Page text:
Davide gave a lecture on sociological points of view on violence one afternoon. He said that instead of explaining one coherent narrative of one concept, he would like to list several ideas from distinct sociological literatures. There were quite many of them, and they were complex thoughts. For example, in the capitalistic society media sensationalizes violence, which causes it to be devoid of substance and political, ethical value. Or the postmodern society is defined by its waste, the increase of superfluous things. Or power went away from the hands of the state and was handed over to the free market and the Internet, which resulted in the dissolvement of human communities. Or the popularity of Reality TV programs such as the Bachelorette indicates the acceptance of a totalitarian structure for entertainment’s sake. And the list went on.

But in the nutshell, sociology considers violence as a phenomenon driven by societal structure or mechanism. This view contrasts with that of anthropology that analyzes violence on the inter-and intrapersonal level.

It seemed that the lecture overwhelmed many of us who were listening. Davide’s hope was that someday those ideas would help the students to contextualize their artistic research on violence. 


We also watched a movie “Crash” (2004) together. Many of us were deeply affected by its morally conflicted characters and constant disruption of the viewer’s expectation of the story. There is no clear “good guy” or “bad guy” in the movie. It skillfully shows how complex and tragic the hidden structural, societal violence, namely racism in this case, can be. I had watched it a long time ago, but watching it again now felt more relevant than ever before.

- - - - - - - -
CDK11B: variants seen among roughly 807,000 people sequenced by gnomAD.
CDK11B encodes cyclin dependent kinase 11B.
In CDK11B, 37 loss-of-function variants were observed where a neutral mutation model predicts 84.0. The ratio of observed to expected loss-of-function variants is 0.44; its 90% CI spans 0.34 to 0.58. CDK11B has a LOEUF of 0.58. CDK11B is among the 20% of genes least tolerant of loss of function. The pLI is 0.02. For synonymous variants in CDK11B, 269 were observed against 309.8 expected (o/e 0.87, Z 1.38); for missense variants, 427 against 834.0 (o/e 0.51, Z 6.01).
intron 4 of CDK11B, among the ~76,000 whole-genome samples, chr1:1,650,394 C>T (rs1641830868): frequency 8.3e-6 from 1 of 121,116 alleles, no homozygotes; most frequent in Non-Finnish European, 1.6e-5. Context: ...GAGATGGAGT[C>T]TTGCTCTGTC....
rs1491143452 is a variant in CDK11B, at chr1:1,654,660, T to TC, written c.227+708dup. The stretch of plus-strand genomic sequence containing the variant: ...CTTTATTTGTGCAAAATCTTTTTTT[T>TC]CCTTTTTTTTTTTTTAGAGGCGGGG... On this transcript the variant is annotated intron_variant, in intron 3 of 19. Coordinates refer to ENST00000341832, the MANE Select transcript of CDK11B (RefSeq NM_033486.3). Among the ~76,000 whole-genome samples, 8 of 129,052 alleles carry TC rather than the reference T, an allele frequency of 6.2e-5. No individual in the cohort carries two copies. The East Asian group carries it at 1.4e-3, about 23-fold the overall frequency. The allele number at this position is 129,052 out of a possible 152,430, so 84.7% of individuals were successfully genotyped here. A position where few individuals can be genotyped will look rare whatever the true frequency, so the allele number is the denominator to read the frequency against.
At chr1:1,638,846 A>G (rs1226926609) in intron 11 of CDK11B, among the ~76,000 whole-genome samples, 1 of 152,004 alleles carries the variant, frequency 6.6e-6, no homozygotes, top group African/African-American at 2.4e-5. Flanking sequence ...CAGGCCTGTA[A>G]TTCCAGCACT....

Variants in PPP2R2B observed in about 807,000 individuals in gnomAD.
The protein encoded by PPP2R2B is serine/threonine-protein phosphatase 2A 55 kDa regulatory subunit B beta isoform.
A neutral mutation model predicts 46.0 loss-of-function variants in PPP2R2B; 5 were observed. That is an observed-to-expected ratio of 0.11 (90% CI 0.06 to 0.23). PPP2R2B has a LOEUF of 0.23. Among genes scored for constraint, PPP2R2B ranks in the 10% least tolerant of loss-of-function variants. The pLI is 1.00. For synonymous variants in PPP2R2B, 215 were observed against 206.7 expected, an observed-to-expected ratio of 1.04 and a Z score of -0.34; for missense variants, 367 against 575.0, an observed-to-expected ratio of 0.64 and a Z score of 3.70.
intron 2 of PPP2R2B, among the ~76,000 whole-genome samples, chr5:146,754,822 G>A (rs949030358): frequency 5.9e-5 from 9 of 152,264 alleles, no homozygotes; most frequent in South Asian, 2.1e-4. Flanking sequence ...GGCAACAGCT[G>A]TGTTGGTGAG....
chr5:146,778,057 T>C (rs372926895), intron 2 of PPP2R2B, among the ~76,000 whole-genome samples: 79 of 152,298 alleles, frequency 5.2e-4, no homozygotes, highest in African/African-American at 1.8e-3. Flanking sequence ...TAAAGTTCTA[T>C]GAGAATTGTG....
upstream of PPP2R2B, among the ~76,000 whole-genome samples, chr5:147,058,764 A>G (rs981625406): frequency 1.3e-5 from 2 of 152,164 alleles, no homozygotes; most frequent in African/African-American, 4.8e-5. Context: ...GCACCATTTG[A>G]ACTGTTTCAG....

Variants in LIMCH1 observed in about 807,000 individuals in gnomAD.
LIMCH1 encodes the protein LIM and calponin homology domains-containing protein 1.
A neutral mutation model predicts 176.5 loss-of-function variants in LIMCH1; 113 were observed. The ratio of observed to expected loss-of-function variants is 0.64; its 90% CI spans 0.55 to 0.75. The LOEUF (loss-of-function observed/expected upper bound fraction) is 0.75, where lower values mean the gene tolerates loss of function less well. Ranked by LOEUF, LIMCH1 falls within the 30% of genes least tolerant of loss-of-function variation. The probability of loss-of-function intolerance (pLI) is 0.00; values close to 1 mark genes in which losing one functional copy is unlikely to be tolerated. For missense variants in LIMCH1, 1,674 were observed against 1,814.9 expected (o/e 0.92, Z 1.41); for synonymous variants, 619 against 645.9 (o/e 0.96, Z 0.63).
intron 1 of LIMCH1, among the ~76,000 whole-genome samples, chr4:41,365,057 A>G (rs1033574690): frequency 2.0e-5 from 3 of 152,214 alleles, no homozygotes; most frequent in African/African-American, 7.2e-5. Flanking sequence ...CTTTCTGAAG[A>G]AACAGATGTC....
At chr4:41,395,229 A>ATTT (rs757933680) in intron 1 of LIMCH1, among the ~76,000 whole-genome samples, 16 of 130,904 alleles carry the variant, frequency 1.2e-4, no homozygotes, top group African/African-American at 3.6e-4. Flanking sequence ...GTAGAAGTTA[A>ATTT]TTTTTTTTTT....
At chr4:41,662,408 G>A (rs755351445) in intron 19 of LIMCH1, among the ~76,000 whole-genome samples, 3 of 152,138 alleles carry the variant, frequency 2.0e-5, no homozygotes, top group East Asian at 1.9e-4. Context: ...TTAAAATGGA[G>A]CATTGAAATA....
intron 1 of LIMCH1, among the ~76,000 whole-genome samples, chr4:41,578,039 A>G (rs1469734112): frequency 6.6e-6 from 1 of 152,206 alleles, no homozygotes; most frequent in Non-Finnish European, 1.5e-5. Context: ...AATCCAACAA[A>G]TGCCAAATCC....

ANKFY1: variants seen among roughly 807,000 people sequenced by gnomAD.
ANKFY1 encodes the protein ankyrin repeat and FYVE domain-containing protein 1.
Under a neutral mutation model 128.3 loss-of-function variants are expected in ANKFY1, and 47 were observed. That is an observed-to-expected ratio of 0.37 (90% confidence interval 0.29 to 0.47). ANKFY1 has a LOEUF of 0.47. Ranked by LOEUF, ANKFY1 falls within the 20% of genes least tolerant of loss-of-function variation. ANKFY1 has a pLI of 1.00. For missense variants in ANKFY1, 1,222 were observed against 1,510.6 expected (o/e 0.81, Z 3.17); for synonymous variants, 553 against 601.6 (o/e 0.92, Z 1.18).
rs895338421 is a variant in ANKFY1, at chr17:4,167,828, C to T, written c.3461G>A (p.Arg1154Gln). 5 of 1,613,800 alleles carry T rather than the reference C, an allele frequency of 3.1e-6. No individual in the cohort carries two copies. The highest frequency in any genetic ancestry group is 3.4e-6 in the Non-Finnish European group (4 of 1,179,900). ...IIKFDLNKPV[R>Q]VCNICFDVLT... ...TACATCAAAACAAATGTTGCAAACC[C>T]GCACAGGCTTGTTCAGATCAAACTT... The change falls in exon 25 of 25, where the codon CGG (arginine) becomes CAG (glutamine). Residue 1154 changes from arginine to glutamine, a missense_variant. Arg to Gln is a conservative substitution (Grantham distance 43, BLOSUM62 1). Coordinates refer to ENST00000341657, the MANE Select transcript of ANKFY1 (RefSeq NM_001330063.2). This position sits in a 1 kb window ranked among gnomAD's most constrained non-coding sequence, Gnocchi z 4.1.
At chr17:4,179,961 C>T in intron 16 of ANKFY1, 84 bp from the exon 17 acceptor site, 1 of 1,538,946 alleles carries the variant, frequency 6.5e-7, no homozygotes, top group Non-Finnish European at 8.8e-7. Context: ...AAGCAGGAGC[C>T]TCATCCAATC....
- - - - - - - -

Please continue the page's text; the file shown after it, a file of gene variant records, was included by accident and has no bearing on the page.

(Image source:

In addition to the movie, the students shared violent pieces of music for inspirations for their future work. It was interesting to not only listen to them but also watch different reactions to the same music. 


On the last day of the week, we had a feedback session and spent some time on planning for the next week. As the feedback, the students shared what was helpful and what was confusing for them during the week. My impression was that they were starting to get engaged in the framework of artistic research and that their curiosity and interests were growing.

As for the plan for the next week, in addition to the physical training and the monologue work, the students will go out of the class room to do a field research on the invisible violence in daily life. The possible places to go to are a school, a gym, and a hospital. With all the work they have done both physically and intellectually so far, it is going to be a substantial step forward into yet another new branch of their artistic endeavor.

Good work!


To be continued…